Here, the processing performed by the conversion device 1 that has received the MLD Done message from the IPv6 network 122 will be explained. FIG. 18 is a communication sequence diagram for step 217. In step 217, the IP transmission/reception module 2 transfers the received MLD Done message to the IP multicast membership information management module 7. Upon receiving the MLD Done message, the IP multicast membership information management module 7 generates an MLD Query message for checking the existence of any member of the IPv6 multicast group with a multicast address of (ff1e::238.0.0.1) and instructs the IP transmission/reception module 2 to dispatch the MLD Query message to the IPv6 network 122. The IP transmission/reception module 2 then dispatches the MLD Query message to the IPv6 network 122.

If in the IPv6 network 122 there are other members of the IPv6 multicast group, these members in response to the MLD Query message put out their MLD Report messages on the IPv6 network 122 within a predetermined period of time. In this case, the IP transmission/reception module 2 transfers these MLD Report messages to the IP multicast membership information management module 7. The IP multicast membership information management module 7 thus recognizes that other members of the IPv6 multicast group still exist on the IPv6 network 122. Then, the IP multicast membership information management module 7 discards the MLD Done message and continues transmitting the IPv6 multicast packet of (ff1e::238.0.0.1) to the IPv6 network 122 without performing the processing described later.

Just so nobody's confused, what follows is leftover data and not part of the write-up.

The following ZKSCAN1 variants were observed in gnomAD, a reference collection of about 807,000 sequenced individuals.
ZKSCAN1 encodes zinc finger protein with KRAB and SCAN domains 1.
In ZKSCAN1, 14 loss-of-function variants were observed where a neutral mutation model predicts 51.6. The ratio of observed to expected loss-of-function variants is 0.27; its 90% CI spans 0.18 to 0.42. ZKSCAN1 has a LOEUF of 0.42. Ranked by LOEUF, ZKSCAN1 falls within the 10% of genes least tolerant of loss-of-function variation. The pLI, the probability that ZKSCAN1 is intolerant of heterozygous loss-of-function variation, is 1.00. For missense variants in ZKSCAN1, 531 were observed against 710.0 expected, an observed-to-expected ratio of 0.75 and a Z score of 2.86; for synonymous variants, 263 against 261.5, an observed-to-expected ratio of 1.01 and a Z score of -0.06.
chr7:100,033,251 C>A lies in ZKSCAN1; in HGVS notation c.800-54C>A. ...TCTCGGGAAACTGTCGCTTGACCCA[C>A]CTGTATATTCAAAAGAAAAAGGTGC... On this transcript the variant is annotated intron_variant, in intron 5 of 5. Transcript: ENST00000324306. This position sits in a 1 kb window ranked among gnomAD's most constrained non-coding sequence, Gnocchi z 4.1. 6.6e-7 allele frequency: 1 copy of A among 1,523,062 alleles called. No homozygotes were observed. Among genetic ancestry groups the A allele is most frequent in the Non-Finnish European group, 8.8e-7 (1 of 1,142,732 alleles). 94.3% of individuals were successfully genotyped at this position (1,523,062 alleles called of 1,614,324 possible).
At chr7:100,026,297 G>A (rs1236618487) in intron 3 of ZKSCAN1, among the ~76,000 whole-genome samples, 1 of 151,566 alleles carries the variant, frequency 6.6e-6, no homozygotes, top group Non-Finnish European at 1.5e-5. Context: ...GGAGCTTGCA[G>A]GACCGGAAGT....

If there are no other members of the IPv6 multicast group, no MLD Report message indicating the participation in the IPv6 multicast group is put on the IPv6 network 122 even with the elapse of a predetermined time. In this case, the IP multicast membership information management module 7 generates an IPv6 multicast member information table 62 according to the MLD Done message and notifies the information obtained through the analysis of the MLD Done message to the IP multicast routing control information management module 6. The IP multicast routing control information management module 6 generates the IP multicast path information table 51 according to the analysis information of the notified MLD Done message.